The Wizards will not truly know what they have in John Wall following his Achilles surgery until he returns to game action, and that may not be until the 2020-21 season. He is expected to be out at least 11 months, but there is a chance he misses a full year and owner Ted Leonsis has already endorsed the idea, if it is the best course for his recovery.
The Wizards, though, can start taking measures for Wall's return as soon as this week with Thursday's NBA Draft. Using the draft, trades and free agency, they can begin to build a roster around Wall to increase the odds he comes back an effective player.
Much of the analysis of how Wall will be affected by the injury has focused on the offensive end and whether he will lose some of his trademark speed. But there is an argument to be made that the defensive end will be a larger concern and the best area to find Wall some help.
Offensively, Wall will still have strengths to play to even if he is no longer the fastest, quickest player on the court. He is one of the league's best passers. When committed, he rebounds well for his position. And he could expand his game to the post with a size advantage over most of his opponents.
Would a more consistent three-point shot help? Sure, but he can still be effective.
Defensively, it might be a struggle and especially early on. He will be tasked with staying in front of cat-quick point guards like Stephen Curry, Damian Lillard, Russell Westbrook and Kemba Walker. Wall already had his defensive issues before the surgery and matters will only be more difficult now after an injury known for affecting lateral quickness.
What the Wizards can do is try to build a defensive foundation around Wall to mitigate those potential problems. They can surround him with physical perimeter defenders and install rim protection behind him. Then, Wall would be asked to do less. He could focus on playing sound team defense and directing his opponents into traffic created by his teammates.
The problem is that the Wizards will essentially have to build their defense from scratch. Though they have some capable defenders like Bradley Beal and Troy Brown Jr., and though Dwight Howard's rebounding will help, the Wizards are coming off a year in which they had one of the worst defensive units in the league.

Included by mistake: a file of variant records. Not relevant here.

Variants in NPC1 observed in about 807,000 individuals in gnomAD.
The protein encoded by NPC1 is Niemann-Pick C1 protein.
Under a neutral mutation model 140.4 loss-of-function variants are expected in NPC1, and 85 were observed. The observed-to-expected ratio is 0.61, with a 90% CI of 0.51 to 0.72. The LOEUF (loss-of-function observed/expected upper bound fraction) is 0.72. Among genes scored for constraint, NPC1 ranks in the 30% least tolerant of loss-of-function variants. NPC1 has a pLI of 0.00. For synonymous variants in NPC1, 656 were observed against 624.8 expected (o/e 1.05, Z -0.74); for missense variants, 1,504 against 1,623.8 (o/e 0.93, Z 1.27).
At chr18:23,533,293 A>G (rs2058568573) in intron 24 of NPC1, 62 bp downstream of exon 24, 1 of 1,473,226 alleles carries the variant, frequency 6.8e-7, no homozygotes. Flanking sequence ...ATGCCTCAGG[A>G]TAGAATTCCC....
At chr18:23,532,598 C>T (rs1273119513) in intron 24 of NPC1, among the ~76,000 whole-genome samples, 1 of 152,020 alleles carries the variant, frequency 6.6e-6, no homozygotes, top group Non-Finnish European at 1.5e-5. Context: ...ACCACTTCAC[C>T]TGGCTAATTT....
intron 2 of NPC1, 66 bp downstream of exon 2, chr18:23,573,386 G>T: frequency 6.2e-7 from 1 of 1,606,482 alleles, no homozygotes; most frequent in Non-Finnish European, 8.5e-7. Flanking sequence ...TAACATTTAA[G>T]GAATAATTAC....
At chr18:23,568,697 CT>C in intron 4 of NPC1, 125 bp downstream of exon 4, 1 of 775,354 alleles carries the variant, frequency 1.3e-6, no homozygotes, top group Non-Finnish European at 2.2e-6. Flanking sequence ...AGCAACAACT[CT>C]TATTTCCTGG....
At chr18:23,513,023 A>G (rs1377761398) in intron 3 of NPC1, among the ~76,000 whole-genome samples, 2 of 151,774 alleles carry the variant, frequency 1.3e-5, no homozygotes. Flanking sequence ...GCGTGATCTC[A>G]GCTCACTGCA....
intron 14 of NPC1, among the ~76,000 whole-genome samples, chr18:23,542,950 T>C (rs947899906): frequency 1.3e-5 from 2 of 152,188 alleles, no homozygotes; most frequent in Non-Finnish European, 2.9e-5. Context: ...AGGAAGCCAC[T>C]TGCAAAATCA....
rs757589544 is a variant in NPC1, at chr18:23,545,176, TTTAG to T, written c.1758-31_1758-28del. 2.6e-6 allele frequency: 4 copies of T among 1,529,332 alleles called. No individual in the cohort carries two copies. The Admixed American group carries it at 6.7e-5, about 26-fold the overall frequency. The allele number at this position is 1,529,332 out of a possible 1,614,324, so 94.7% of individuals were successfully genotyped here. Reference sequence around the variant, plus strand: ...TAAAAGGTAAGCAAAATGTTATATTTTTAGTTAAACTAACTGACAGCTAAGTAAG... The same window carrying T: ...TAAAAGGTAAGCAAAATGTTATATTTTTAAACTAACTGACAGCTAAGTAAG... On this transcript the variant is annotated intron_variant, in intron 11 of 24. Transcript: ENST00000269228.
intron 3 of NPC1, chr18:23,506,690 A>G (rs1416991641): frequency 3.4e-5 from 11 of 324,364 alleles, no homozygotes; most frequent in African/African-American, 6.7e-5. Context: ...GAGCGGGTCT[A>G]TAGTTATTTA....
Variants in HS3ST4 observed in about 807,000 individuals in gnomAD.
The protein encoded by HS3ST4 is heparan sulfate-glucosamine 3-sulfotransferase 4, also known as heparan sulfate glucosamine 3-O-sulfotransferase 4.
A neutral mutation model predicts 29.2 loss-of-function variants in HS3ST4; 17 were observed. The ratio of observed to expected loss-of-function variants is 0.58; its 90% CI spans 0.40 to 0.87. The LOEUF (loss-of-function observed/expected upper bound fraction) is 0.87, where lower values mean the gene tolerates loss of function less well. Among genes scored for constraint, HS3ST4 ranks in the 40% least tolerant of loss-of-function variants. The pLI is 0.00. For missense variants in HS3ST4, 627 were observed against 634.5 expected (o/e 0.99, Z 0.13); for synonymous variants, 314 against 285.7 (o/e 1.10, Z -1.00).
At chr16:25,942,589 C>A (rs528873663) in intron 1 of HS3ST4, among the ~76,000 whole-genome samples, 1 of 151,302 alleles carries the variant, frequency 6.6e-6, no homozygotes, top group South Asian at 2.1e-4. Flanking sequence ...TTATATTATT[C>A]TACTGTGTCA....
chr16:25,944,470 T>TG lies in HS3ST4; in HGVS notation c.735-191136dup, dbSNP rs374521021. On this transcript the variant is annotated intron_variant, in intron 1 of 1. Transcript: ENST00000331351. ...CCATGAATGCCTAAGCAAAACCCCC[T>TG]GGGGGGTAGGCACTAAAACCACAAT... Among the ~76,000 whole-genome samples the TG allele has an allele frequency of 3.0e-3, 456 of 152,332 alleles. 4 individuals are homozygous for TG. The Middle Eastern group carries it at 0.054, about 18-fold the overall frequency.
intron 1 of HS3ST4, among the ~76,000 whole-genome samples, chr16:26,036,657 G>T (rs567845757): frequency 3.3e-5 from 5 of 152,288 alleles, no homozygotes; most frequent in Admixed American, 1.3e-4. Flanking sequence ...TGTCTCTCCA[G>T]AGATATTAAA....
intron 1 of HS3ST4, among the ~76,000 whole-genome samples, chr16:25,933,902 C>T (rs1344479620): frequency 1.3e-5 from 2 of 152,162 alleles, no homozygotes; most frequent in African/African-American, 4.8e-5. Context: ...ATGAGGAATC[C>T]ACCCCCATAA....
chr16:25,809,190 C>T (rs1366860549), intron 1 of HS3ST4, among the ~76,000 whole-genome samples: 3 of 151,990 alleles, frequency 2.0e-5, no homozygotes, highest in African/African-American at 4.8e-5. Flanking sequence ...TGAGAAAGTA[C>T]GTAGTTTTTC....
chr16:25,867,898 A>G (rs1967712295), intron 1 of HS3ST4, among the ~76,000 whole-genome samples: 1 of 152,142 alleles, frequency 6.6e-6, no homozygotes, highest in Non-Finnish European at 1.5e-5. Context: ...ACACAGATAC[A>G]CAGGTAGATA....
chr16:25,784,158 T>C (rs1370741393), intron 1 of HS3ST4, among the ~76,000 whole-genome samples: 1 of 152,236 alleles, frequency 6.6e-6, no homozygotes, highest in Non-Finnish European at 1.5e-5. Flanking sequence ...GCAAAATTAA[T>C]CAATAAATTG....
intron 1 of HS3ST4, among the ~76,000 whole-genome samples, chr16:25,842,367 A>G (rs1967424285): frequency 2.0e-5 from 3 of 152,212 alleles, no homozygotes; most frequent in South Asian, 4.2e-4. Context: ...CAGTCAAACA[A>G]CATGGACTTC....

The Wizards were 27th in defensive rating and 29th in points allowed. They gave up the fifth-most three-pointers and at the fourth-highest percentage. And they surrendered more field goals within five feet of the rim than any other team.
Defense has been highlighted as a major long-term need by the Wizards' current staff, though they still hold the 'interim' label until further notice. Under head coach Scott Brooks, the team has made strides on offense but has lost their way defending the ball. They want more balance moving forward.
Several of Brooks' assistants are not under contract for next season and the team has explored hiring a defensive specialist, according to a person with knowledge of their plans. One assistant who could be replaced is Maz Trakh. He is in contract limbo and has not been present at the team's pre-draft workouts.
NBA coaches, though, can only do so much. A defensive renaissance will have to come from the players.
The Wizards will have some options that could help when they are on the board with the ninth overall pick in Thursday's NBA Draft. It could be a shot-blocker like Bol Bol, Brandon Clarke or Jaxson Hayes. Nassir Little would add toughness to the perimeter. Sekou Doumbouya would give them versatility.
Revamping their defense probably wouldn't include re-signing Bobby Portis or Jabari Parker, the latter of which has a team option the Wizards are likely to decline later this month. Thomas Bryant and Tomas Satoransky aren't lockdown defenders, either, but do offer some upside on that end.
With limited money to spend, free agency won't offer any quick fixes for the Wizards. The best they could likely do is find cheap players to help begin an overall culture change.
When it comes to the draft, the Wizards do not have the luxury to draft solely for need. They have to get the best player available, no matter the position. That could even be a point guard, despite Wall being due $170 million over the next four years.
But it might be smart to favor defense over offense and the same applies to free agency and beyond. That approach could come in handy once Wall is ready to go.
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